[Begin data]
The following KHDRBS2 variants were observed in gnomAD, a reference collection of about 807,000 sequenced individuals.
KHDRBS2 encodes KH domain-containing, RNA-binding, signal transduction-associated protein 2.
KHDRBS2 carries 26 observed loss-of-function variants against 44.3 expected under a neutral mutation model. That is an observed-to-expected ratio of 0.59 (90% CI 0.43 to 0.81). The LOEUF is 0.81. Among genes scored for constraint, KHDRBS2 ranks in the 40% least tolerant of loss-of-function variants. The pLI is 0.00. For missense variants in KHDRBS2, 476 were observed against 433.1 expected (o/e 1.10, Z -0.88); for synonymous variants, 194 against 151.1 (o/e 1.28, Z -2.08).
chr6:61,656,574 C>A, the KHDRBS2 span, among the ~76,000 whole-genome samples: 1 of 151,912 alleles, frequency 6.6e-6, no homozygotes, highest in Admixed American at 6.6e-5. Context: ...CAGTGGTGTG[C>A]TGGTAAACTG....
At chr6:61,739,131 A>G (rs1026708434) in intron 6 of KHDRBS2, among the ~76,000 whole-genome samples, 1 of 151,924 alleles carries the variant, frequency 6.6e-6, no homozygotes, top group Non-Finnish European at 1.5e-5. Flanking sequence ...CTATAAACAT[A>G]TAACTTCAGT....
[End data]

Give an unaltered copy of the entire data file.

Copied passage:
The following KHDRBS2 variants were observed in gnomAD, a reference collection of about 807,000 sequenced individuals.
KHDRBS2 encodes KH domain-containing, RNA-binding, signal transduction-associated protein 2.
KHDRBS2 carries 26 observed loss-of-function variants against 44.3 expected under a neutral mutation model. That is an observed-to-expected ratio of 0.59 (90% CI 0.43 to 0.81). The LOEUF is 0.81. Among genes scored for constraint, KHDRBS2 ranks in the 40% least tolerant of loss-of-function variants. The pLI is 0.00. For missense variants in KHDRBS2, 476 were observed against 433.1 expected (o/e 1.10, Z -0.88); for synonymous variants, 194 against 151.1 (o/e 1.28, Z -2.08).
chr6:61,656,574 C>A, the KHDRBS2 span, among the ~76,000 whole-genome samples: 1 of 151,912 alleles, frequency 6.6e-6, no homozygotes, highest in Admixed American at 6.6e-5. Context: ...CAGTGGTGTG[C>A]TGGTAAACTG....
At chr6:61,739,131 A>G (rs1026708434) in intron 6 of KHDRBS2, among the ~76,000 whole-genome samples, 1 of 151,924 alleles carries the variant, frequency 6.6e-6, no homozygotes, top group Non-Finnish European at 1.5e-5. Flanking sequence ...CTATAAACAT[A>G]TAACTTCAGT....